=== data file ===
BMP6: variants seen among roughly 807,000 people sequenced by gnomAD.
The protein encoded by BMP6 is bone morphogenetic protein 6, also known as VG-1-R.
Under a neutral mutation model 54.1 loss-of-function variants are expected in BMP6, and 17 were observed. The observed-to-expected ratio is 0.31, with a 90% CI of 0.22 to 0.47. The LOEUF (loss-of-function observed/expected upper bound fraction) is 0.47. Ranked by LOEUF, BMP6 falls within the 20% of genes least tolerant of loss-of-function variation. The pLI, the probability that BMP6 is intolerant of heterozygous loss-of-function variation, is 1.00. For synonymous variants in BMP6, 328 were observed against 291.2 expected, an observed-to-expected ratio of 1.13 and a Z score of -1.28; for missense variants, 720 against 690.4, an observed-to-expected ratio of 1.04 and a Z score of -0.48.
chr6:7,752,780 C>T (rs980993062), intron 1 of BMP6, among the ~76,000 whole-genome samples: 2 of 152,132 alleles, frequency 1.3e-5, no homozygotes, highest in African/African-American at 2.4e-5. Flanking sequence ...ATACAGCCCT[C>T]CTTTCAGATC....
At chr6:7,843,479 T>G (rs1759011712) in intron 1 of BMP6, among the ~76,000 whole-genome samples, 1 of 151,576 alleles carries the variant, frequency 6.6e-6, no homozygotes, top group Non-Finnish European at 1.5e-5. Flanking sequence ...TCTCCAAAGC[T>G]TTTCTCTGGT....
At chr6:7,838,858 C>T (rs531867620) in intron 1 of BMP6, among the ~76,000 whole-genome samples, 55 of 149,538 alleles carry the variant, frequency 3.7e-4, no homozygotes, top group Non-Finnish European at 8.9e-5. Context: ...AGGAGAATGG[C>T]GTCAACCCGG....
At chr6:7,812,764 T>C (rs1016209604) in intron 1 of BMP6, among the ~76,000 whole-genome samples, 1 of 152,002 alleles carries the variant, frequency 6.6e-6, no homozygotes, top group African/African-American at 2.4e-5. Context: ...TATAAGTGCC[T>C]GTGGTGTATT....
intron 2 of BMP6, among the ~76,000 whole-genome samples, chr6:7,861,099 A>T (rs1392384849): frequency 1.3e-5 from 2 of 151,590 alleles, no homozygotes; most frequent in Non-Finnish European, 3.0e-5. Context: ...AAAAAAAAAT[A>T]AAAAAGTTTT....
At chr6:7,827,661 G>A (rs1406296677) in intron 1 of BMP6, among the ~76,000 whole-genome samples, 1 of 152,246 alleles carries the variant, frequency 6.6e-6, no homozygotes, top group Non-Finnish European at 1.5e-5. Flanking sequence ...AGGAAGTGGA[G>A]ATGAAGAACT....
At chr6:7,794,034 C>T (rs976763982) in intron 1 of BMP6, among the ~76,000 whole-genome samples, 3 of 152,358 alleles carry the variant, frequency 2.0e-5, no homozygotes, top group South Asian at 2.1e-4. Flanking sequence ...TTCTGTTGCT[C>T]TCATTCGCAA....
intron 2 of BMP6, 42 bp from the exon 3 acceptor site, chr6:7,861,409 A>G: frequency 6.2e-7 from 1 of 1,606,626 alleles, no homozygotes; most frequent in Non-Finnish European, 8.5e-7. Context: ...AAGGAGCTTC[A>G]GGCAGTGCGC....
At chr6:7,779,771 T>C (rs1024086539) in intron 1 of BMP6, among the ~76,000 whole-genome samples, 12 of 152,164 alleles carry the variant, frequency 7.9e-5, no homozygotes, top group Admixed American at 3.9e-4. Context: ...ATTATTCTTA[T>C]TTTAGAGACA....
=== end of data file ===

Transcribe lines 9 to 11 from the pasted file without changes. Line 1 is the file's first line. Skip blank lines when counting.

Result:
At chr6:7,827,661 G>A (rs1406296677) in intron 1 of BMP6, among the ~76,000 whole-genome samples, 1 of 152,246 alleles carries the variant, frequency 6.6e-6, no homozygotes, top group Non-Finnish European at 1.5e-5. Flanking sequence ...AGGAAGTGGA[G>A]ATGAAGAACT....
At chr6:7,794,034 C>T (rs976763982) in intron 1 of BMP6, among the ~76,000 whole-genome samples, 3 of 152,358 alleles carry the variant, frequency 2.0e-5, no homozygotes, top group South Asian at 2.1e-4. Flanking sequence ...TTCTGTTGCT[C>T]TCATTCGCAA....
intron 2 of BMP6, 42 bp from the exon 3 acceptor site, chr6:7,861,409 A>G: frequency 6.2e-7 from 1 of 1,606,626 alleles, no homozygotes; most frequent in Non-Finnish European, 8.5e-7. Context: ...AAGGAGCTTC[A>G]GGCAGTGCGC....